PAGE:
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 Buro Brycx: for advice about sex work in The Netherlands
 

Working in the sexindustry in The Netherlands                  

Sexwork is legal in The Netherlands. If you want to work in the sexindustry in The Netherlands, please consider these rules and regulations:

>  You have to be at least 18 years old. In certain cities you have to be older than 21 years.  As of  the end of 2014 everyone in the sexindustry in The Netherlands has to be older than 21 years.

>  If you are from a country within the European Union you have to be registered in the GBA (Personal Records Database of your local municipality)  and with the IND (Immigration and Naturalisation Service)

>  You have to have a social security number and have to pay taxes

>  You have to have your own Dutch bank account

>  You have to arrange your own health insurance

>  If you are going to be self employed, you are not automatically insured for disability insurance

>  People from outside the European Union are not allowed to work in the sexindustry in The Netherlands. If –however- you have a residence permit with free access to the Dutch labour market, you are allowed to work in prostitution.

 If you want to report any signs of coercion or abuse in prostitution anonymously, please call 0800-7000. Anonymity guaranteed!    

 

More information about

Immigration (IND)          http://english.ind.nl/

Personal Records Database (GBA)       http://www.government.nl/issues/identification-documents/the-municipal-personal-records-database

Working Safely      http://www.prostitutie.nl/index.php?id=2&L=1

Health Centre Amsterdam    http://www.pg292.nl/welcome-to-prostitution-and-health-centre-292/?lang=en

Health Centre Den Haag    http://www.shop-denhaag.nl/en/field-work/field-work.html

Health Centre Rotterdam     http://www.ggdrotterdamrijnmond.nl/language/en.html

Health Centre Utrecht     http://www.utrecht.nl/smartsite.dws?id=13353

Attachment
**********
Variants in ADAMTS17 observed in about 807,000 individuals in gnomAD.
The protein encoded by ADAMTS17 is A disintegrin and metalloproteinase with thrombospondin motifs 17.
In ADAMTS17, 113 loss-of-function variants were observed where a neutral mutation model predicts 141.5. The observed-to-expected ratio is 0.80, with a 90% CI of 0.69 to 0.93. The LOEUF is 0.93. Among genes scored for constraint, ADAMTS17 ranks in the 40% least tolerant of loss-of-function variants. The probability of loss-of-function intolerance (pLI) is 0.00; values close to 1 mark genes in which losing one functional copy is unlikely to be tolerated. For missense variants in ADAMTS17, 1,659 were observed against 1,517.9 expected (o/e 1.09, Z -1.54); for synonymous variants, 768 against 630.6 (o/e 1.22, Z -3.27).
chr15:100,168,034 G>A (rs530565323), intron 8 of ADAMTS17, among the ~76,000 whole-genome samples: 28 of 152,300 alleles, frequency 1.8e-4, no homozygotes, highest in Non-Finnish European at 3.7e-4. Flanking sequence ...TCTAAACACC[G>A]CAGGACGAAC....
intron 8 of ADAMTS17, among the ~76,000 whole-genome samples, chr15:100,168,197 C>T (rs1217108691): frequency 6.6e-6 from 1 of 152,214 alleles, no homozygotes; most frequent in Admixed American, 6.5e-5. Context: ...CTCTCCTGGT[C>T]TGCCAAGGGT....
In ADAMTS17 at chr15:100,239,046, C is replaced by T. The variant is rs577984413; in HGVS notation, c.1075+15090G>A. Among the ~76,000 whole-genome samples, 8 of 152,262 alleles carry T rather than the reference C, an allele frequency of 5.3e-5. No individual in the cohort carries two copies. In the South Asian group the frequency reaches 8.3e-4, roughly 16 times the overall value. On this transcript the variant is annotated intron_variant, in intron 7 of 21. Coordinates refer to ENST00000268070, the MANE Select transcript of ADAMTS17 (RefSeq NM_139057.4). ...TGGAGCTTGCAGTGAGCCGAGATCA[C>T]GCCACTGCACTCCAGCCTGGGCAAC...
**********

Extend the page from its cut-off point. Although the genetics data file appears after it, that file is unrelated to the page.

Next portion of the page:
Opting-in      http://www.prostitutie.nl/index.php?id=49&L=1

Paid employment        http://www.prostitutie.nl/index.php?id=48&L=1

Social Security      http://www.prostitutie.nl/index.php?id=198&L=1

Taxes        http://www.prostitutie.nl/index.php?id=199&L=1

Getting out       htttp://www.prostitutie.nl/index.php?id=312&L=1

Report Crime Anonymously     http://www.meldmisdaadanoniem.nl/english/report-crime-anonymously/

 

 

 

 

 

 

Sex work in The Netherlands

The oldest profession in the world?

Prostitution is as old as humanity itself. The first written evidence about prostitution is written on clay tablets from about 4000 years ago. Sources from ancient Mesopotamia (current Iraq) tell us about prostitutes who were working under strict and regulated conditions. The Code of Hammurabi describes how sex workers had to work in certain areas of the city (eg. near the city walls) and how they were not allowed to cover up their hair and head (so they could not be mistaken for married women).

A different phenomenon was ‘sacred prostitution’ where women would have paid sex with men in temple areas, in order to please the gods.

In short: the world of the Old Testament was familiar with sex work and it was regulated by the state.

Later, in ancient Egyptian, Roman and Greek societies the situation remained more or less the same. In Latin, the language of antique Rome, the word ‘prostituta’ meant: ‘upfront’  and  ‘unveiled / with uncovered faces’.

 

Why is there a Red Light District in Amsterdam?

Amsterdam became an important and wealthy trade center at the end of the 16th century. The ships of the East India Company (VOC) constantly sailed off to and arrived from the Far East, loaded with spices and goods. On board were men who had not seen a –Dutch- woman in 2 years and who received their wages. The Dam square, in the center of the city, was the harbor area where the ships came in. This is where sex workers concentrated. The city of Amsterdam condoned sex work and this has resulted in the origin of Amsterdam’s Red Light District. Sex work was performed in houses, on the street and in brothels. Certain community officials were allowed to have brothels, others were not.

 

What happened after the Dutch Golden Age?